As photographers, we need to compete strongly. But, not as one might think, against other professional photographers, but with the guests at the events our clients pay us to shoot. And, that competition is fierce.
Since the dawn of easily loadable, portable cameras, professional photographers have had to understand that guests will bring their cameras, and some will take exceptionally good shots. In the film days, the guests might have brought anything from a 110mm instamatic, to a high-end SLR. Now, every guest has the equivalent of an instamatic in their pocket or purse in the form of a smart phone. Some will even bring a dedicated camera, like a micro four-thirds, or a DSLR. Any of these cameras is capable of capturing a good shot in the hands of a skilled user. And the users, skilled or not, can be in more places than us, and post to social media more quickly. In order to give the most value to our clients, we need to provide exceptional service.
This last summer, I attended a wedding as a guest. Naturally, I brought one of my DSLRs with me. Another guest, a relative by marriage, “Kay,” also brought her DSLR. Kay is a talented photographer in her own right; she and I spent a good portion of the reception shooting the event together. Much of the reception action took place in a large, open-sided tent. Some of the other guests were putting on an impromptu hip-hop performance; the paid photographer was nowhere to be seen. Kay and I even got shots of the first dance before the paid photographer and his assistant got to the dance floor in that tent. We were, however, respectful, and keeping out of the way of the official photographer and his assistant.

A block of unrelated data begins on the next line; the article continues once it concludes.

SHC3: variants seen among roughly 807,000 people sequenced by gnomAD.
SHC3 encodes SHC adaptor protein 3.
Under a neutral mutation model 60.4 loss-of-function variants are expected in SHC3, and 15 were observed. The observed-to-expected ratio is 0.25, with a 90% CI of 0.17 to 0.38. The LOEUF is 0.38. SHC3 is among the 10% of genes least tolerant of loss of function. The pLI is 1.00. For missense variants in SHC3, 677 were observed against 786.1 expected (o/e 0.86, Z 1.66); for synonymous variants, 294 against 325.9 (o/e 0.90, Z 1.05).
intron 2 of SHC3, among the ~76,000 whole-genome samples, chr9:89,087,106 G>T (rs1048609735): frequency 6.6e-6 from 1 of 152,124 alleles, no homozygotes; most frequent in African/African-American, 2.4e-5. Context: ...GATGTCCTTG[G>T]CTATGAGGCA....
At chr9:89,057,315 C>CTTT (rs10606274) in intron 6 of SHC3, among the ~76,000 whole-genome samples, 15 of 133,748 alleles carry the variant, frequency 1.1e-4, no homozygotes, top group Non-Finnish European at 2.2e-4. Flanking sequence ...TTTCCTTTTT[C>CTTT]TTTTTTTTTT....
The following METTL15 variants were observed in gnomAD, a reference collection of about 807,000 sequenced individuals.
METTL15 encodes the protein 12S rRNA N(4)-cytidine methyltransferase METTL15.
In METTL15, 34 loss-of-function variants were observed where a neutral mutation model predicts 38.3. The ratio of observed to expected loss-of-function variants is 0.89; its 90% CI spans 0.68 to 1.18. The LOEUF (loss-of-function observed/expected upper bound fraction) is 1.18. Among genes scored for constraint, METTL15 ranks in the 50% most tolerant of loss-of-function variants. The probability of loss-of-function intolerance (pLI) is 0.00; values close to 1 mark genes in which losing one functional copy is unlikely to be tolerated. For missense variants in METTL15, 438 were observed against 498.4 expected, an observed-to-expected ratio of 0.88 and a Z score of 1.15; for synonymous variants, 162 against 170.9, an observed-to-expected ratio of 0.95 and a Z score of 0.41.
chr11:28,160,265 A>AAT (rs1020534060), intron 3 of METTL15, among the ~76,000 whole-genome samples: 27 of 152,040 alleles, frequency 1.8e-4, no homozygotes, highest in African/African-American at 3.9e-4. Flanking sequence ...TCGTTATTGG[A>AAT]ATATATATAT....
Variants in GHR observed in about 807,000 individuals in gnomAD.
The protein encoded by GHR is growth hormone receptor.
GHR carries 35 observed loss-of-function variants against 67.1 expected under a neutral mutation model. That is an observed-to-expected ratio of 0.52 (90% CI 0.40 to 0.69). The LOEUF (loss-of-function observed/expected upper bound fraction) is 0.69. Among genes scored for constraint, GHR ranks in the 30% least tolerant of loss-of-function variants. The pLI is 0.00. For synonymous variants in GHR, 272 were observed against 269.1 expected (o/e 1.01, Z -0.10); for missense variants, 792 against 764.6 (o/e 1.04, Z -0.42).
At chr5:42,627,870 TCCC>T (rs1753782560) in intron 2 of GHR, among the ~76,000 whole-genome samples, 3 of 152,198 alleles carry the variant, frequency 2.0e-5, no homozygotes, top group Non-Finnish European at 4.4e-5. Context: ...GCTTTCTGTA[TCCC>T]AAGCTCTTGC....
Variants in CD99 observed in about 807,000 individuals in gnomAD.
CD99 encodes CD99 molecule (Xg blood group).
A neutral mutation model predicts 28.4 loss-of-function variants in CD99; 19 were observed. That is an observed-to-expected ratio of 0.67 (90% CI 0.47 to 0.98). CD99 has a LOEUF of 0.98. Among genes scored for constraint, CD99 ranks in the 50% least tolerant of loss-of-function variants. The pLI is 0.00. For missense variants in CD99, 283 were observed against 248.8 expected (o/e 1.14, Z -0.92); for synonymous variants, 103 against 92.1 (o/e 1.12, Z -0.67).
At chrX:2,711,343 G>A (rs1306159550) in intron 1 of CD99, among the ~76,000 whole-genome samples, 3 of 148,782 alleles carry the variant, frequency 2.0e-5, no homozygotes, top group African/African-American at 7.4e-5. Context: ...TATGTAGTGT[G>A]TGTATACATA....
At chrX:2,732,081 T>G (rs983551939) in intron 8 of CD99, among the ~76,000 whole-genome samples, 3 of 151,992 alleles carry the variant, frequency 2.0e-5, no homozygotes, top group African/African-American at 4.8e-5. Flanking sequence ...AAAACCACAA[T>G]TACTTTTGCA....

My wife, observing some of our photography, related to me later that the paid pro was giving Kay and me dirty looks as we took photos from the sidelines. So, instead of just stepping up his game and getting better shots by virtue of being the lead shooter, this pro appeared to harbor animosity towards us guests who were having fun with our cameras. I speculate, but cannot prove, that we threatened his sense of his own value. We were clearly getting good shots, and being attentive to our subjects, who were even hamming up and responding to us. And, we would be able to post our shots quickly – maybe not that night, but certainly within a day or so – probably quicker than the pro and his staff.
So, what can we do about the guests shoot at events? First of all we shouldn’t get threatened by them. We can do a few positive things:
· Observe where the guests are taking shots. They can lead us to the most interesting action. Either go there, or send the second shooter
· Be responsive. Post a few shots on social media quickly. Our clients know that there’s no magic in processing images that keep us from providing, or posting, images within a day or so of the event
· Get as much of the prepared shot list completed before the wedding. That’ll free you and your assistant to shoot the improvised and candid shots during the reception
Remember, we are at an event to get shots, not to worry about what shots others are getting. Let’s shoot even better images than the guests.